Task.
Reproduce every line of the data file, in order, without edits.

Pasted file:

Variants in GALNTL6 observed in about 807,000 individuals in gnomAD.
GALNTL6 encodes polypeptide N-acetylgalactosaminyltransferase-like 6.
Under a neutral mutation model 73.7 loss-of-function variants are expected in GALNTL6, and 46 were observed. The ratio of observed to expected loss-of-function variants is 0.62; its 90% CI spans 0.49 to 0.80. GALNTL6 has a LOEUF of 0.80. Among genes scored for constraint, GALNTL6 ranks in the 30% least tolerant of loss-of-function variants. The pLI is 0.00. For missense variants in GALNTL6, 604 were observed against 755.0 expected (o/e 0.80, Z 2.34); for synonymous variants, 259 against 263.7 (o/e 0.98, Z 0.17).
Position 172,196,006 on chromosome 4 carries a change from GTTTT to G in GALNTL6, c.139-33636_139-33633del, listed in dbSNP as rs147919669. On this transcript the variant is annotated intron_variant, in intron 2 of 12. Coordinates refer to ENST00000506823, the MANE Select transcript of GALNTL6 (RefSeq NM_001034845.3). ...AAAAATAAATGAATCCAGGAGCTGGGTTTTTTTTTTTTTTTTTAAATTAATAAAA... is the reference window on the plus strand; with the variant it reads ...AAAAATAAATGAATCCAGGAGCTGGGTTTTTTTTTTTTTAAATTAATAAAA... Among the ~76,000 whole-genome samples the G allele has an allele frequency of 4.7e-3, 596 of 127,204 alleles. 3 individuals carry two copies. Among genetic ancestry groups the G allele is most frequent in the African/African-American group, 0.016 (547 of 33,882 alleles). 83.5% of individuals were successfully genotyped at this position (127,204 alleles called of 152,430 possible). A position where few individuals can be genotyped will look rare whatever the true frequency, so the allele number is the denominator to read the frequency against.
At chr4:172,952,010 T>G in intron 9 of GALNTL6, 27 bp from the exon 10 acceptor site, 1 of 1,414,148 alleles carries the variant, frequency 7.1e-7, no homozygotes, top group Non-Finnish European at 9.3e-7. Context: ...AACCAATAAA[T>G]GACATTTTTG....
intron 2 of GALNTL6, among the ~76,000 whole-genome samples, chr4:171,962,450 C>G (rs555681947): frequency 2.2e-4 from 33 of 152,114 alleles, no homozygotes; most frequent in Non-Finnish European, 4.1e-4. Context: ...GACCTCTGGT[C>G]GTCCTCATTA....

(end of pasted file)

Variants in GALNTL6 observed in about 807,000 individuals in gnomAD.
GALNTL6 encodes polypeptide N-acetylgalactosaminyltransferase-like 6.
Under a neutral mutation model 73.7 loss-of-function variants are expected in GALNTL6, and 46 were observed. The ratio of observed to expected loss-of-function variants is 0.62; its 90% CI spans 0.49 to 0.80. GALNTL6 has a LOEUF of 0.80. Among genes scored for constraint, GALNTL6 ranks in the 30% least tolerant of loss-of-function variants. The pLI is 0.00. For missense variants in GALNTL6, 604 were observed against 755.0 expected (o/e 0.80, Z 2.34); for synonymous variants, 259 against 263.7 (o/e 0.98, Z 0.17).
Position 172,196,006 on chromosome 4 carries a change from GTTTT to G in GALNTL6, c.139-33636_139-33633del, listed in dbSNP as rs147919669. On this transcript the variant is annotated intron_variant, in intron 2 of 12. Coordinates refer to ENST00000506823, the MANE Select transcript of GALNTL6 (RefSeq NM_001034845.3). ...AAAAATAAATGAATCCAGGAGCTGGGTTTTTTTTTTTTTTTTTAAATTAATAAAA... is the reference window on the plus strand; with the variant it reads ...AAAAATAAATGAATCCAGGAGCTGGGTTTTTTTTTTTTTAAATTAATAAAA... Among the ~76,000 whole-genome samples the G allele has an allele frequency of 4.7e-3, 596 of 127,204 alleles. 3 individuals carry two copies. Among genetic ancestry groups the G allele is most frequent in the African/African-American group, 0.016 (547 of 33,882 alleles). 83.5% of individuals were successfully genotyped at this position (127,204 alleles called of 152,430 possible). A position where few individuals can be genotyped will look rare whatever the true frequency, so the allele number is the denominator to read the frequency against.
At chr4:172,952,010 T>G in intron 9 of GALNTL6, 27 bp from the exon 10 acceptor site, 1 of 1,414,148 alleles carries the variant, frequency 7.1e-7, no homozygotes, top group Non-Finnish European at 9.3e-7. Context: ...AACCAATAAA[T>G]GACATTTTTG....
intron 2 of GALNTL6, among the ~76,000 whole-genome samples, chr4:171,962,450 C>G (rs555681947): frequency 2.2e-4 from 33 of 152,114 alleles, no homozygotes; most frequent in Non-Finnish European, 4.1e-4. Context: ...GACCTCTGGT[C>G]GTCCTCATTA....